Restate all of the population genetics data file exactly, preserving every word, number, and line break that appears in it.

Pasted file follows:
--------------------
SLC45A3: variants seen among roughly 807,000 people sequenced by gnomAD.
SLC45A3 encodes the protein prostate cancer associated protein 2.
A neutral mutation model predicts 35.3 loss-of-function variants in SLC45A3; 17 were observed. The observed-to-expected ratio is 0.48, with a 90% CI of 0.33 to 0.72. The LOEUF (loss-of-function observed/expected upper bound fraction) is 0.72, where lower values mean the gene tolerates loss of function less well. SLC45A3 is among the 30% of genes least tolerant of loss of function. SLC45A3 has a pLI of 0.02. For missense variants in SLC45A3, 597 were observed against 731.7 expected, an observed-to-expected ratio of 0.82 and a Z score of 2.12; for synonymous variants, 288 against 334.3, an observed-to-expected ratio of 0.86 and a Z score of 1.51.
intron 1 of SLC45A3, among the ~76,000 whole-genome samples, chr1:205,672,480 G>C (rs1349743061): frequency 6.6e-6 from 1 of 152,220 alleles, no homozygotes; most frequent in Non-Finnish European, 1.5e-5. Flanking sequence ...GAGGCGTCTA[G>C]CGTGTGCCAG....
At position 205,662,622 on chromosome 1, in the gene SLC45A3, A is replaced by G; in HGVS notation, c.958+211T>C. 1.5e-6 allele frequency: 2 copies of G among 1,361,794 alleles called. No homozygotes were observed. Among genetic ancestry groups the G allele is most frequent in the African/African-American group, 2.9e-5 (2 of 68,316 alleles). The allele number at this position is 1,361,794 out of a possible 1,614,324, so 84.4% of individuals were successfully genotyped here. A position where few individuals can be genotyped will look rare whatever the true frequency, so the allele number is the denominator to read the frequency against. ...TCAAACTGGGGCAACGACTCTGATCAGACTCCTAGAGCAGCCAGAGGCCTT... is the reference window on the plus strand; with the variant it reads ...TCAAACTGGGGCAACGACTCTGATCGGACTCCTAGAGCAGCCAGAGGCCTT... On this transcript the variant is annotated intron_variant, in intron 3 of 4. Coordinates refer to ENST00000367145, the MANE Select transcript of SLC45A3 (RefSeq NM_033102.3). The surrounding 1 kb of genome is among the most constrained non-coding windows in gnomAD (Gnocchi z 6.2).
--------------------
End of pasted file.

SLC45A3: variants seen among roughly 807,000 people sequenced by gnomAD.
SLC45A3 encodes the protein prostate cancer associated protein 2.
A neutral mutation model predicts 35.3 loss-of-function variants in SLC45A3; 17 were observed. The observed-to-expected ratio is 0.48, with a 90% CI of 0.33 to 0.72. The LOEUF (loss-of-function observed/expected upper bound fraction) is 0.72, where lower values mean the gene tolerates loss of function less well. SLC45A3 is among the 30% of genes least tolerant of loss of function. SLC45A3 has a pLI of 0.02. For missense variants in SLC45A3, 597 were observed against 731.7 expected, an observed-to-expected ratio of 0.82 and a Z score of 2.12; for synonymous variants, 288 against 334.3, an observed-to-expected ratio of 0.86 and a Z score of 1.51.
intron 1 of SLC45A3, among the ~76,000 whole-genome samples, chr1:205,672,480 G>C (rs1349743061): frequency 6.6e-6 from 1 of 152,220 alleles, no homozygotes; most frequent in Non-Finnish European, 1.5e-5. Flanking sequence ...GAGGCGTCTA[G>C]CGTGTGCCAG....
At position 205,662,622 on chromosome 1, in the gene SLC45A3, A is replaced by G; in HGVS notation, c.958+211T>C. 1.5e-6 allele frequency: 2 copies of G among 1,361,794 alleles called. No homozygotes were observed. Among genetic ancestry groups the G allele is most frequent in the African/African-American group, 2.9e-5 (2 of 68,316 alleles). The allele number at this position is 1,361,794 out of a possible 1,614,324, so 84.4% of individuals were successfully genotyped here. A position where few individuals can be genotyped will look rare whatever the true frequency, so the allele number is the denominator to read the frequency against. ...TCAAACTGGGGCAACGACTCTGATCAGACTCCTAGAGCAGCCAGAGGCCTT... is the reference window on the plus strand; with the variant it reads ...TCAAACTGGGGCAACGACTCTGATCGGACTCCTAGAGCAGCCAGAGGCCTT... On this transcript the variant is annotated intron_variant, in intron 3 of 4. Coordinates refer to ENST00000367145, the MANE Select transcript of SLC45A3 (RefSeq NM_033102.3). The surrounding 1 kb of genome is among the most constrained non-coding windows in gnomAD (Gnocchi z 6.2).